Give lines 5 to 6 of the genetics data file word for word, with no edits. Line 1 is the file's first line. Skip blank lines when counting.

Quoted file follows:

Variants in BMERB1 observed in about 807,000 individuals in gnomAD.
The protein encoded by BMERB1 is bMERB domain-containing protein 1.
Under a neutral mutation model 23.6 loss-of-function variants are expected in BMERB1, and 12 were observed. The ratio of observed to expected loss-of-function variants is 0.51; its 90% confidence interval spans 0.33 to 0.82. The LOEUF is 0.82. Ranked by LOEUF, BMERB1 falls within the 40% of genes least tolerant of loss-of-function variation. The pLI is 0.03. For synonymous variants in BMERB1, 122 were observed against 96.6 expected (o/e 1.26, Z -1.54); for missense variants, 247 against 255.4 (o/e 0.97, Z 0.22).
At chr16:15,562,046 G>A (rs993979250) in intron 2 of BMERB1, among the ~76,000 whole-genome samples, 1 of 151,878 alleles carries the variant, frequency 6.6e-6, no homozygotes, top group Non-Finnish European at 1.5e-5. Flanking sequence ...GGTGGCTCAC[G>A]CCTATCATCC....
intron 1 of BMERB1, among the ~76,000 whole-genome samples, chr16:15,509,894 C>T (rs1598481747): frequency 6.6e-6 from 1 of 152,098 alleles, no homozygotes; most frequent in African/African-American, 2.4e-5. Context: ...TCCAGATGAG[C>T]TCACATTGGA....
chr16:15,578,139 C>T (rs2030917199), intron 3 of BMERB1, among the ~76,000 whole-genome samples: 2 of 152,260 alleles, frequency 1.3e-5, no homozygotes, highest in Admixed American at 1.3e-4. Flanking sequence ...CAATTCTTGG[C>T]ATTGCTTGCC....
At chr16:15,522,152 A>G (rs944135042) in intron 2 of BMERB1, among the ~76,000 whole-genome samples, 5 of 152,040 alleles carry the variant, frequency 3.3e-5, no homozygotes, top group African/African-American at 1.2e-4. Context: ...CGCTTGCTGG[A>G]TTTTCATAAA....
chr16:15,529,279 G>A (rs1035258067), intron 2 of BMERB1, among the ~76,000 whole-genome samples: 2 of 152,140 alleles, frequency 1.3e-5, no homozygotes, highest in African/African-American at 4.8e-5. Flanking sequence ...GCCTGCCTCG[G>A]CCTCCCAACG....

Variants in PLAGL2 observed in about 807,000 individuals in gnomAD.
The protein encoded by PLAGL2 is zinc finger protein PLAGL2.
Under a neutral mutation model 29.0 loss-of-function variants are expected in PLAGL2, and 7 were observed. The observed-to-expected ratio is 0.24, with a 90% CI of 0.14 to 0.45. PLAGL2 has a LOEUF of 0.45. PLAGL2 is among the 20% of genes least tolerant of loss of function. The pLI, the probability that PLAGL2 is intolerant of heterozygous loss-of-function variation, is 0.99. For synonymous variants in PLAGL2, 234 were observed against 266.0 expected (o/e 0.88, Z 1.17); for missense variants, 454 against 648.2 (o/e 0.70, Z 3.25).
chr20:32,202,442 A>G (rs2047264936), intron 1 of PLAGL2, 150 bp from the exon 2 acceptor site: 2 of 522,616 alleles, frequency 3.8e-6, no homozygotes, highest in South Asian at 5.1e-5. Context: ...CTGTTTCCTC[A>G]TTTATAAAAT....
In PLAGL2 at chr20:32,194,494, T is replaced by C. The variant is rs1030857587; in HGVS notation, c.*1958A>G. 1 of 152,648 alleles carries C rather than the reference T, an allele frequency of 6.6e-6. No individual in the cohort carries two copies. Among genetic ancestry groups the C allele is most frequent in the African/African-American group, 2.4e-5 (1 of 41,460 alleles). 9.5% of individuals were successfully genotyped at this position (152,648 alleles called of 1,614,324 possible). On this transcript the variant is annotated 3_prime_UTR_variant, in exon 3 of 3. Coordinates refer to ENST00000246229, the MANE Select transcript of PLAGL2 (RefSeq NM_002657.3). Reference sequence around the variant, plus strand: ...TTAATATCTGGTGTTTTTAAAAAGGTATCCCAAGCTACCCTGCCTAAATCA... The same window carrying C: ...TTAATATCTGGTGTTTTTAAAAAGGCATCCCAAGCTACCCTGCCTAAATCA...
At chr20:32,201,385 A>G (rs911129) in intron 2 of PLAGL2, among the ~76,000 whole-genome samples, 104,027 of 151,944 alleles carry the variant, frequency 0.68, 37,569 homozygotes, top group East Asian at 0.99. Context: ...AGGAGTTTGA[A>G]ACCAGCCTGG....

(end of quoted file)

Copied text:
intron 1 of BMERB1, among the ~76,000 whole-genome samples, chr16:15,509,894 C>T (rs1598481747): frequency 6.6e-6 from 1 of 152,098 alleles, no homozygotes; most frequent in African/African-American, 2.4e-5. Context: ...TCCAGATGAG[C>T]TCACATTGGA....
chr16:15,578,139 C>T (rs2030917199), intron 3 of BMERB1, among the ~76,000 whole-genome samples: 2 of 152,260 alleles, frequency 1.3e-5, no homozygotes, highest in Admixed American at 1.3e-4. Flanking sequence ...CAATTCTTGG[C>T]ATTGCTTGCC....